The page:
The other downside to running social benefit programs through the tax code is its annual and retrospective nature, as well as the calendar year aspect of the annual determination, which may or may not conform to patterns of family relationships. The tax return is filed after the close of the tax year, and eligibility for all of its provisions, including the EITC and other family-status credits, is determined retroactively. This is a major difference with traditional social welfare programs; these programs accept applications throughout the year, and eligibility is determined on a prospective basis, meaning the benefit commences from the date of application, once the agency has reviewed the application and supporting documentation and determined eligibility. Further, the agency’s determination means that for a period of time, until recertification, the applicant is presumptively eligible for the benefit unless someone else comes along and files a competing claim. Under presumptive eligibility, claw back of benefits is rare, particularly during the period of dispute resolution. If someone else was actually eligible for claiming the benefits during the presumptive period, but didn’t claim those benefits, well tough. The presumptively eligible person has been defined as the correct person to receive the benefits, even if they aren’t. Thus, noncompliance is defined out of existence. Even if we get the wrong result, it isn’t the wrong answer because we have declared it isn’t the wrong answer. Therefore, we have no improper payments.
Of course, it isn’t as bad as I make it sound, as it exists in other social benefit programs. First of all, as noted earlier, traditional safety net programs have intensive and administratively burdensome and costly application processes; if an applicant makes it through this process (many don’t even try), there is a fair amount of confidence that the person actually is eligible for the benefit. Second, the recertification process (e.g., 12 months in Washington, DC for SNAP, unless you are homeless in which case recertification is 6 months) ensures a regular check on eligibility. Third, the process accommodates the fluidity of families at the lower income levels. You can come in at any point in the year and apply for benefits; you don’t have to wait until the end of the year to apply to receive retroactive benefits; you receive the benefits when you need them.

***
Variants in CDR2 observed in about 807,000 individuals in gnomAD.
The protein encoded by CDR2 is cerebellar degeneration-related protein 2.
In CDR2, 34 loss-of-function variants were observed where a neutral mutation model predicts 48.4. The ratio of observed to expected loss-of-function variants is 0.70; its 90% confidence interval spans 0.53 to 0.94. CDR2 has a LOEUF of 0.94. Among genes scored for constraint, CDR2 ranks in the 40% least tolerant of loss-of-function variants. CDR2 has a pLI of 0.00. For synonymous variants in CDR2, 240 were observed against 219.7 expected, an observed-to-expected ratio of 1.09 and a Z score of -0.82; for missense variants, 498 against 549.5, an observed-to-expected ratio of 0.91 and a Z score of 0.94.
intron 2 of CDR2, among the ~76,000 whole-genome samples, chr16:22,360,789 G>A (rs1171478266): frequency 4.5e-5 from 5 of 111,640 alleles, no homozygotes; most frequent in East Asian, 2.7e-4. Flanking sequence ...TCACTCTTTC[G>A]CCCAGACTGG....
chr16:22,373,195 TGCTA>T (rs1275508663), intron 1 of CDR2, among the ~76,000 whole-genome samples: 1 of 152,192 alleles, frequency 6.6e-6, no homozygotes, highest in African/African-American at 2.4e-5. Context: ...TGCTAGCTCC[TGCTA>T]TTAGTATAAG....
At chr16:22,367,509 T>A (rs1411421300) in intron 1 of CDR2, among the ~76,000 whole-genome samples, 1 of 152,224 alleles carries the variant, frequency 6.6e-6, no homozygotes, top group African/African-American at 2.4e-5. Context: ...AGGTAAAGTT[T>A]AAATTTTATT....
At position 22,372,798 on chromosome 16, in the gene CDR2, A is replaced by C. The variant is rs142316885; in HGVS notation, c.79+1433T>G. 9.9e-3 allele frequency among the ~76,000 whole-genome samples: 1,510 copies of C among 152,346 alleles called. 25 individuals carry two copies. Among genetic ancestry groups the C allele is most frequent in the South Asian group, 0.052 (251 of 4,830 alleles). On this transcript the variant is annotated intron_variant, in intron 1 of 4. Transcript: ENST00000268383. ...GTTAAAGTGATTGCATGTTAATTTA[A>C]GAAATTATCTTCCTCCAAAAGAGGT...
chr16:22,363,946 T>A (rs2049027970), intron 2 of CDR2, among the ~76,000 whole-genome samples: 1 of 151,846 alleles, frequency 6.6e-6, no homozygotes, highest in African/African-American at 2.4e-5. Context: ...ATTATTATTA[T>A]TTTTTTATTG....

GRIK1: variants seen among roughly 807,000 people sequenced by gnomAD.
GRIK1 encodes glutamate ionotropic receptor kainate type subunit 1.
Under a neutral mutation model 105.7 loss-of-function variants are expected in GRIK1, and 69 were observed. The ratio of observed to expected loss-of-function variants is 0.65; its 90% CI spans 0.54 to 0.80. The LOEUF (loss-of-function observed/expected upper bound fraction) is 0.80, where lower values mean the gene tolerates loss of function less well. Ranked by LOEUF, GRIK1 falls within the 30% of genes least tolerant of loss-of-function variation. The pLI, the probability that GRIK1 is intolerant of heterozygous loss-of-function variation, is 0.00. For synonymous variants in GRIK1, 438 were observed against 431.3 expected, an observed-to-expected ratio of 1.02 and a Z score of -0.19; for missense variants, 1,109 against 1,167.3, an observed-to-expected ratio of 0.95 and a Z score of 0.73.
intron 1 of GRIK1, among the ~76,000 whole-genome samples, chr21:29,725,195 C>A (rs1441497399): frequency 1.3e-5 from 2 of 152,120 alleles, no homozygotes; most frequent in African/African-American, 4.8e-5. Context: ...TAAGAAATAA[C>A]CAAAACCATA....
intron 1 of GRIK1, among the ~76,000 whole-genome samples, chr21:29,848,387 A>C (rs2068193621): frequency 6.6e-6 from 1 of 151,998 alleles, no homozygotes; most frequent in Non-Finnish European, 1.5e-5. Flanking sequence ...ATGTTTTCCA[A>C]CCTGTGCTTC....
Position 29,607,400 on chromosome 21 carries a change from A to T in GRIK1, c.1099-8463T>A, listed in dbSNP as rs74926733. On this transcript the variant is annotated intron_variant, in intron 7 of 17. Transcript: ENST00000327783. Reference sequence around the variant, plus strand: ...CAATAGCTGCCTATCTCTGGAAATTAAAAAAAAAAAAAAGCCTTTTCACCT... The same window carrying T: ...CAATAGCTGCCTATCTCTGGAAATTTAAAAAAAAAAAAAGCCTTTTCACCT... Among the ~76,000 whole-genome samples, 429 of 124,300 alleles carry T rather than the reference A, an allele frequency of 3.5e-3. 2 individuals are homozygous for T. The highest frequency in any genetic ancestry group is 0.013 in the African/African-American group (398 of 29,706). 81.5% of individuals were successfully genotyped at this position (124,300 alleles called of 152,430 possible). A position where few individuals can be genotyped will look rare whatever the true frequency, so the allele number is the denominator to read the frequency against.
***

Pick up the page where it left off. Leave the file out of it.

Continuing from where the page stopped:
It is these features that have led some advocates to propose presumptive eligibility for the AdvCTC. The proposals generally require a taxpayer to check a box on their tax return that affirmatively states, under penalties of perjury, that you are eligible to receive the AdvCTC going forward on a monthly basis, generally starting the month after the end of the filing season. It isn’t clear what definition of eligibility the advocates are proposing – is it the Qualifying Child of IRC §§ 151 and 152, which requires both a specified relationship and sharing a principal residence with the child for more than 6 months of the year, or is it some other test, like the “main carer” test that Canada and Australia have adopted. (Canada Revenue also has a presumption that the mother of the child is the main carer, which is really troubling. See Moritz v. Commissioner, here.)